Environmental Issues: Food and Agriculture

Food is simply too good to waste. Even the most sustainably farmed food does us no good if the food is never eaten. Getting food to our tables eats up 10 percent of the total U.S. energy budget, uses 50 percent of U.S. land, and swallows 80 percent of freshwater consumed in the United States. Yet, 40 percent of food in the United States today goes uneaten. That is more than 20 pounds of food per person every month. Not only does this mean that Americans are throwing out the equivalent of $165 billion each year, but also 25 percent of all freshwater and huge amounts of unnecessary chemicals, energy, and land. Moreover, almost all of that uneaten food ends up rotting in landfills where it accounts for almost 25 percent of U.S. methane emissions.

Nutrition is also lost in the mix -- food saved by reducing losses by just 15 percent could feed more than 25 million Americans every year at a time when one in six Americans lack a secure supply of food to their tables. Given all the resources demanded for food production, it is critical to make sure that the least amount possible is needlessly squandered on its journey to our plates.

Identifying Efficiency Losses in the U.S. Food System

This paper examines the inefficiencies in the U.S. food system from the farm to the fork to the landfill. By identifying food losses at every level of the food supply chain, this report provides the latest recommendations and examples of emerging solutions, such as making "baby carrots" out of carrots too bent (or "curvy") to meet retail standards. By increasing the efficiency of our food system, we can make better use of our natural resources, provide financial saving opportunities along the entire supply chain, and enhance our ability to meet food demand.

The average American consumer wastes 10 times as much food as someone in Southeast Asia, up 50 percent from Americans in the 1970s. This means there was once a time when we wasted far less, and we can get back there again. Doing so will ultimately require a suite of coordinated solutions, including changes in supply-chain operation, enhanced market incentives, increased public awareness and adjustments in consumer behavior.

Much can be learned from work that is already under way in Europe. Both the United Kingdom and the European Union have conducted research to better understand the drivers of the problem and identify potential solutions. In January 2012, the European Parliament adopted a resolution to reduce food waste by 50 percent by 2020 and designated 2014 as the "European year against food waste." An extensive U.K. public awareness campaign called "Love Food Hate Waste" has been conducted over the past five years and 53 of the leading food retailers and brands there have adopted a resolution to reduce waste in their own operations, as well as upstream and downstream in the supply chain.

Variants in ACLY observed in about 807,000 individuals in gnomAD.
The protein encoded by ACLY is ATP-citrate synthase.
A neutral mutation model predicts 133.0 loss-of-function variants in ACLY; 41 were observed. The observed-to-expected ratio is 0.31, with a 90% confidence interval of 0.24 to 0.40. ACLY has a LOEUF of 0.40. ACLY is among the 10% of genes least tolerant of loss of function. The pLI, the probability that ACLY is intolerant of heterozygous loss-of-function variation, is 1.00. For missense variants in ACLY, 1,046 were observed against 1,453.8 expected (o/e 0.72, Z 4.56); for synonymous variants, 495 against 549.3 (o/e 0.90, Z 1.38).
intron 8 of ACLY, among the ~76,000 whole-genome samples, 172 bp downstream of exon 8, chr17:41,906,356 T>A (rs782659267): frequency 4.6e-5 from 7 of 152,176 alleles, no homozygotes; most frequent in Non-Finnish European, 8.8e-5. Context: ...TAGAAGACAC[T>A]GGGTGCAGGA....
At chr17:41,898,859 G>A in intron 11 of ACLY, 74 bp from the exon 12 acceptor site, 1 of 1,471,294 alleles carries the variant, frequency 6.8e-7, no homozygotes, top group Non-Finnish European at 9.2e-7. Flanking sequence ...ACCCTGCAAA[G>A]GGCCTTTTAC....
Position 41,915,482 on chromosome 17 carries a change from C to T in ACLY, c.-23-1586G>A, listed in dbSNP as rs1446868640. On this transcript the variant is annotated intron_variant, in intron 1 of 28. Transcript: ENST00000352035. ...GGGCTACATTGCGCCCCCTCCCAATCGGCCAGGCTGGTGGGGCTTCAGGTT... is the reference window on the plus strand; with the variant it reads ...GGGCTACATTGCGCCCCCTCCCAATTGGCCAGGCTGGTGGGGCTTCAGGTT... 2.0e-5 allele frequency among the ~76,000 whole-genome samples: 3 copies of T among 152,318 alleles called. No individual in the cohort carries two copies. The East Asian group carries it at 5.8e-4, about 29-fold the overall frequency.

food wasted vs. consumed

Gains can be made quickly. In just five years, avoidable household food waste in the United Kingdom has been reduced 18 percent. The complexity of the issue cannot be ignored. At the heart are two basic realities that must be acknowledged upfront. The first is that food represents a small portion of many Americans' budgets, making the financial cost of wasting food too low to outweigh the convenience of it. Second, there is the plain economic truth that the more food consumers waste, the more those in the food industry are able to sell. This is true throughout the supply chain where waste downstream translates to higher sales for anyone upstream. Overcoming these challenges as well as the other drivers of food waste discussed in this document will require all hands on deck from the U.S. government to consumers to business. It will also require raising the priority of reducing food waste to the significant level it merits.

Working Toward More Efficiencies in the Food Supply System

The time to act is now. In fact, a recent report by consulting firm McKinsey ranks reducing food waste as one of the top three opportunities to improve resource productivity. Key prospects for change agents include:

  • The U.S. government should conduct a comprehensive study for food losses in our food system and establish national goals for food waste reduction. One key action will be to standardize and clarify the meaning of date labels on food so that consumers stop throwing out items due to misinterpretation. A waste reduction organization in the United Kingdom has estimated this type of clarification could prevent about 20 percent of wasted food in households.
  • State and local governments should lead by setting targets and implementing food waste prevention campaigns in their jurisdictions as well as their own operations. One key opportunity for this is education alongside municipal composting programs.
  • Businesses should start by understanding the extent and opportunity of their own waste streams and adopting best practices. For example, Stop and Shop was able to save an estimated $100 million annually after an analysis of freshness, shrink, and customer satisfaction in their perishables department.
  • Americans can help reduce waste by learning when food goes bad, buying imperfect produce, and storing and cooking food with an eye to reducing waste.

Increasing the efficiency of the U.S. food system is a triple bottom-line solution that requires a collective approach by decision-makers at every level in the supply chain. Investing in these food waste reduction strategies, together we can reap the tremendous social benefits of alleviating hunger, the environmental benefits of efficient resource use, and the financial benefits of significant cost savings.

last revised 8/21/2012

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